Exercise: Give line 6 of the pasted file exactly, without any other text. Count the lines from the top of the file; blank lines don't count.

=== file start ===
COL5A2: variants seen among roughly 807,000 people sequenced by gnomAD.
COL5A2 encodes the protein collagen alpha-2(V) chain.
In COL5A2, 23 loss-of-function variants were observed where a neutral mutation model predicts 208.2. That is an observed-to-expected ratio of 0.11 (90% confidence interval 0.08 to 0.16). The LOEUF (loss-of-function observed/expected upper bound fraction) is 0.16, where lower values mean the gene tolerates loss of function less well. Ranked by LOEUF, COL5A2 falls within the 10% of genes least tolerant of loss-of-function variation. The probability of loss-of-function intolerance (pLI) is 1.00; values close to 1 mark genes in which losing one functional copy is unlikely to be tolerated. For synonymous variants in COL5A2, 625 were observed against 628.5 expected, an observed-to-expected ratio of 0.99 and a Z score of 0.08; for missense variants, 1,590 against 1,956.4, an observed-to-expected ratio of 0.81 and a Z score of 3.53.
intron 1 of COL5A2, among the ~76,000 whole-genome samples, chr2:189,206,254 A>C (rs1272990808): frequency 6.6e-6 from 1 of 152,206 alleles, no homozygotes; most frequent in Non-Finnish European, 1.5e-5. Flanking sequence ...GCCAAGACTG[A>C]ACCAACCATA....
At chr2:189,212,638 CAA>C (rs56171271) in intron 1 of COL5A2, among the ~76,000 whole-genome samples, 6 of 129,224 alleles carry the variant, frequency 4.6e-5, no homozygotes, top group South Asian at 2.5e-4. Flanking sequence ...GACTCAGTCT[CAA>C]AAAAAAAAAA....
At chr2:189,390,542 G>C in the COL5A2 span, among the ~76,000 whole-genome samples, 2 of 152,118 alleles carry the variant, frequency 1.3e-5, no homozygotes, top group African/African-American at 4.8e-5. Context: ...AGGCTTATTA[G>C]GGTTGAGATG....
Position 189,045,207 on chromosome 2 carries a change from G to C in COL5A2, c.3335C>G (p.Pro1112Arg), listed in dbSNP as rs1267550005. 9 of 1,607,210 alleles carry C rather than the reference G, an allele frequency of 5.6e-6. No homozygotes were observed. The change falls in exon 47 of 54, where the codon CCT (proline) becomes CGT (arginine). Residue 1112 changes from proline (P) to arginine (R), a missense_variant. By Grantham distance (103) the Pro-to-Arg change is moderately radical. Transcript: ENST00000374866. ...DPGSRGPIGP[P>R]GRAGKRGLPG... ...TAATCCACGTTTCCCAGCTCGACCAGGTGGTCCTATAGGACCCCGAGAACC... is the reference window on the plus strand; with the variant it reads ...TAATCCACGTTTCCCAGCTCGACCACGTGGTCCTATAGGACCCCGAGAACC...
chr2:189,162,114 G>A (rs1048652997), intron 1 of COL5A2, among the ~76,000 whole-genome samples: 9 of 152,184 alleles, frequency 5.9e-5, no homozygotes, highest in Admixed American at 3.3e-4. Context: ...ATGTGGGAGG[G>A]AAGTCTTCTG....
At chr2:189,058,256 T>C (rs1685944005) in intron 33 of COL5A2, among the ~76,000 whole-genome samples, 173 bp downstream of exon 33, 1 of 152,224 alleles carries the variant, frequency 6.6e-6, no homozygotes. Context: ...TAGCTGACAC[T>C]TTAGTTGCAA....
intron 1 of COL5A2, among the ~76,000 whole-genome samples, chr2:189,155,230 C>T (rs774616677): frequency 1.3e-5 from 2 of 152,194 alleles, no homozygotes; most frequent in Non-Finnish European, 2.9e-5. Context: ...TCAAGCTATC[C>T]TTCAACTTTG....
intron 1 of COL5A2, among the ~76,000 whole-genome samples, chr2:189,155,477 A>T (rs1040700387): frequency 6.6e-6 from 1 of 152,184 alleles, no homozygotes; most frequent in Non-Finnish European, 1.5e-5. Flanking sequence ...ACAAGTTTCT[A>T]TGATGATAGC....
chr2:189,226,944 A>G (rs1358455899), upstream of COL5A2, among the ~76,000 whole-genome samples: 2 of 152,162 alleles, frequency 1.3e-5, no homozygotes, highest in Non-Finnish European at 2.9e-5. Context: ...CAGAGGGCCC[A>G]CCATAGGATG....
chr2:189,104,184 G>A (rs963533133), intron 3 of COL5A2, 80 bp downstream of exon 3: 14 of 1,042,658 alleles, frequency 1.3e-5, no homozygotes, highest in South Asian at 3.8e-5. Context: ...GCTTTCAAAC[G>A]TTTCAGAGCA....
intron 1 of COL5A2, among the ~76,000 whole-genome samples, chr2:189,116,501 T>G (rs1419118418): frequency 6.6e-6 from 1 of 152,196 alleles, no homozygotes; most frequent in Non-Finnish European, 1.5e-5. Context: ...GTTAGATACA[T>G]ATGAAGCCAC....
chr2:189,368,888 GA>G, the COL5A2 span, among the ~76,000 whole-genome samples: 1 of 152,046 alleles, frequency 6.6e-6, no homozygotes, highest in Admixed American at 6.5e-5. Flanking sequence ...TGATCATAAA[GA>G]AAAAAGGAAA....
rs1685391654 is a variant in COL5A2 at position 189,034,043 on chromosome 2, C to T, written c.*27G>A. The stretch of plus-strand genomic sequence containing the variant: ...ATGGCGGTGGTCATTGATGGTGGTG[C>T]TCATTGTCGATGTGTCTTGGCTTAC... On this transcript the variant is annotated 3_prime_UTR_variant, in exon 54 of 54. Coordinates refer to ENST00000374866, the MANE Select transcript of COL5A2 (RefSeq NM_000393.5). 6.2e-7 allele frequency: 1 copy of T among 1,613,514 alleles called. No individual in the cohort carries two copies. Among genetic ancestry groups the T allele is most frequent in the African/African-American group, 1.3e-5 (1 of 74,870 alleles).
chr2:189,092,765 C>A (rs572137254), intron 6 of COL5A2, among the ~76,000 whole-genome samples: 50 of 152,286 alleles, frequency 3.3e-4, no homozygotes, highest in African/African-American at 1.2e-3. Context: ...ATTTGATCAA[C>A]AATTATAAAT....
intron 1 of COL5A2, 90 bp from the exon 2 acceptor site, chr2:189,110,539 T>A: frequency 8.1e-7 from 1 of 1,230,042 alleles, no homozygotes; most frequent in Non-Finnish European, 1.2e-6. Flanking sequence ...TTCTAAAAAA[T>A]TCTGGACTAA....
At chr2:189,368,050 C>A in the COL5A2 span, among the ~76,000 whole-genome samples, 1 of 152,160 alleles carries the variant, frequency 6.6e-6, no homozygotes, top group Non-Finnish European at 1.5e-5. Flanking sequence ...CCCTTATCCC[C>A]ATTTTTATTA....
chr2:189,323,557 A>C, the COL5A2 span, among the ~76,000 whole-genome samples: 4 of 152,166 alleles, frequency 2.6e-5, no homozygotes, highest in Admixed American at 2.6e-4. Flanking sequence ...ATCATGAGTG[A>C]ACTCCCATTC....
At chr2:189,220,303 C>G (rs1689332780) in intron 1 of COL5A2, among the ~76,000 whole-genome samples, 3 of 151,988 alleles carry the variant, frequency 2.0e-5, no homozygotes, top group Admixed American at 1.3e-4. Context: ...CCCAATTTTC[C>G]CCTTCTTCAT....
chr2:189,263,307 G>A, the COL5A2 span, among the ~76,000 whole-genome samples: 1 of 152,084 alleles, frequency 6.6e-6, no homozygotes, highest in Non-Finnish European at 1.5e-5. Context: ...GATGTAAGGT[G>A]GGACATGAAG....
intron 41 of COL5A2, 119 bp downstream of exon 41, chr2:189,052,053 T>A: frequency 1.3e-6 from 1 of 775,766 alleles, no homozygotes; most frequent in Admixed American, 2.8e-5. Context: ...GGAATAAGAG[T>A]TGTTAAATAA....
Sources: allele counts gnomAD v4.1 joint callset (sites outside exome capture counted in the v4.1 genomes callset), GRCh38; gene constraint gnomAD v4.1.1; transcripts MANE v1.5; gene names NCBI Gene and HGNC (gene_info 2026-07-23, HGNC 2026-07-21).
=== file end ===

At chr2:189,390,542 G>C in the COL5A2 span, among the ~76,000 whole-genome samples, 2 of 152,118 alleles carry the variant, frequency 1.3e-5, no homozygotes, top group African/African-American at 4.8e-5. Context: ...AGGCTTATTA[G>C]GGTTGAGATG....